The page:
In his book, The Christian Mind: How Should a Christian Think?, Harry Blamires states that ‘The Christian mind is the prerequisite of Christian thinking, and Christian thinking is the prerequisite for Christian action.’ The simple logic of this thought is more easily accepted than put into action.
As already established in this series, the mind is the battleground where good and evil incessantly confront each other. If the adversary can gain advantage, he can adversely affect our actions. How, then, can we safeguard our minds from set-backs? This is a most challenging task.
The mind processes the information collected by the senses. Whether by sight, hearing, touch, smell or taste, the material gathered is directed to our minds so that actions or thoughts are produced. It follows therefore that to control the information our senses collect is to limit the opportunity for the development of errant actions or thoughts.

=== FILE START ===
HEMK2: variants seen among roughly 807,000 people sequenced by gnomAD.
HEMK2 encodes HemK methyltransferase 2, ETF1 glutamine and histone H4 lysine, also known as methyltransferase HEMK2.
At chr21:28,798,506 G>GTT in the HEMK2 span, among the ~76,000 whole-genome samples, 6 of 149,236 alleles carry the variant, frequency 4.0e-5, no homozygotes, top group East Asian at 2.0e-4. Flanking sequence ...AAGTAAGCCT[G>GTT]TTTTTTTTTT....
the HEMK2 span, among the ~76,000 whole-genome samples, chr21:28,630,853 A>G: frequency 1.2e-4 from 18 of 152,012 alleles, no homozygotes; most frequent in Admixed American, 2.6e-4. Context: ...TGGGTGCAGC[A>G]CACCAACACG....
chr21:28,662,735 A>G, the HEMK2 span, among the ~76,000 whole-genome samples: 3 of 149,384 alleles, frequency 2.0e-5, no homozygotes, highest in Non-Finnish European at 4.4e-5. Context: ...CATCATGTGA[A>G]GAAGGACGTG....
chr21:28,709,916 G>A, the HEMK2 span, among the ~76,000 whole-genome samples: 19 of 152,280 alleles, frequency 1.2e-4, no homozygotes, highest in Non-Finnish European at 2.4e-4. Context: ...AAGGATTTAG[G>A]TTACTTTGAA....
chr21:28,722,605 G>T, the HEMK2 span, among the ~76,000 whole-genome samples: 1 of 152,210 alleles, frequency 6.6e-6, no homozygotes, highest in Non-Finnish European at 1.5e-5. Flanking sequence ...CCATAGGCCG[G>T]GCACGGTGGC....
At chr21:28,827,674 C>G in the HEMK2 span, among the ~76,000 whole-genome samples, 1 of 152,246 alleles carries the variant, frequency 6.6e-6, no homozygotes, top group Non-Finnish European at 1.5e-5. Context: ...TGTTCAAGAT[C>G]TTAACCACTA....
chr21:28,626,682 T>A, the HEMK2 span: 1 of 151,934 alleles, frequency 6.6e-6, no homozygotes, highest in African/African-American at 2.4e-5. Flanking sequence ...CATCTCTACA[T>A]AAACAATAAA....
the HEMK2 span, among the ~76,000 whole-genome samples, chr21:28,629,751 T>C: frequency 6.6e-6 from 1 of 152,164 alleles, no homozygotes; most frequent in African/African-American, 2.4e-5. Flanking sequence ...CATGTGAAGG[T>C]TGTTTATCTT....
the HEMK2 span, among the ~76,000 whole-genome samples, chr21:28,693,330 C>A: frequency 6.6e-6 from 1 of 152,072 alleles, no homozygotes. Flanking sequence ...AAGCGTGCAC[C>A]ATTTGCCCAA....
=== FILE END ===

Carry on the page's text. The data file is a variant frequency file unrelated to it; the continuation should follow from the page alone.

However, therein lies our difficulty. We don’t have absolute control over our senses. Whilst what we taste or touch is largely within our gift to manage, it is far more onerous to superintend what we smell, hear or see. Without warning, we can be caught off guard by some unwholesome influence and, before we know it, a suggestive image or unsavoury word has infiltrated the mind with the potential of developing wayward thoughts or deeds.
To counteract this possibility, scripture advises the believer to ‘set your mind on things above, not on things on the earth’ (Colossians 3:2). To preoccupy ourselves with ‘the things that are of God’ is to exclude earthly things. This is the policy God will adopt with His people Israel. To safeguard them in a coming day, He says ‘I will put My laws in their mind and write them on their hearts’ (Hebrews 8:10).
The more I discipline myself in this matter, the greater will be my self-control.